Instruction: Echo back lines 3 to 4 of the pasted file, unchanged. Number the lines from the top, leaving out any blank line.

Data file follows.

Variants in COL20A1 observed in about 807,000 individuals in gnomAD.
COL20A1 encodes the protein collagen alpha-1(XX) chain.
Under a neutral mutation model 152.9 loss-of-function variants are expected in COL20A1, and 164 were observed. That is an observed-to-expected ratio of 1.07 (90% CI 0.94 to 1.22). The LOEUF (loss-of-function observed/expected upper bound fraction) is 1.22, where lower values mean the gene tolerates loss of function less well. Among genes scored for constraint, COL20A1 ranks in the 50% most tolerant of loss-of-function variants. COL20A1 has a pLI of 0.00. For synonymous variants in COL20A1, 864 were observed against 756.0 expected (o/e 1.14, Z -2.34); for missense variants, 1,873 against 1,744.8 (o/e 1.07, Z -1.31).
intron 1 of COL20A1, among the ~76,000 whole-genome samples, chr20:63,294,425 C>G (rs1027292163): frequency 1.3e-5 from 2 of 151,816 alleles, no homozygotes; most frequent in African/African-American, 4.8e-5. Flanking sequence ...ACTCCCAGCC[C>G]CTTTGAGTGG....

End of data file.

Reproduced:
Under a neutral mutation model 152.9 loss-of-function variants are expected in COL20A1, and 164 were observed. That is an observed-to-expected ratio of 1.07 (90% CI 0.94 to 1.22). The LOEUF (loss-of-function observed/expected upper bound fraction) is 1.22, where lower values mean the gene tolerates loss of function less well. Among genes scored for constraint, COL20A1 ranks in the 50% most tolerant of loss-of-function variants. COL20A1 has a pLI of 0.00. For synonymous variants in COL20A1, 864 were observed against 756.0 expected (o/e 1.14, Z -2.34); for missense variants, 1,873 against 1,744.8 (o/e 1.07, Z -1.31).
intron 1 of COL20A1, among the ~76,000 whole-genome samples, chr20:63,294,425 C>G (rs1027292163): frequency 1.3e-5 from 2 of 151,816 alleles, no homozygotes; most frequent in African/African-American, 4.8e-5. Flanking sequence ...ACTCCCAGCC[C>G]CTTTGAGTGG....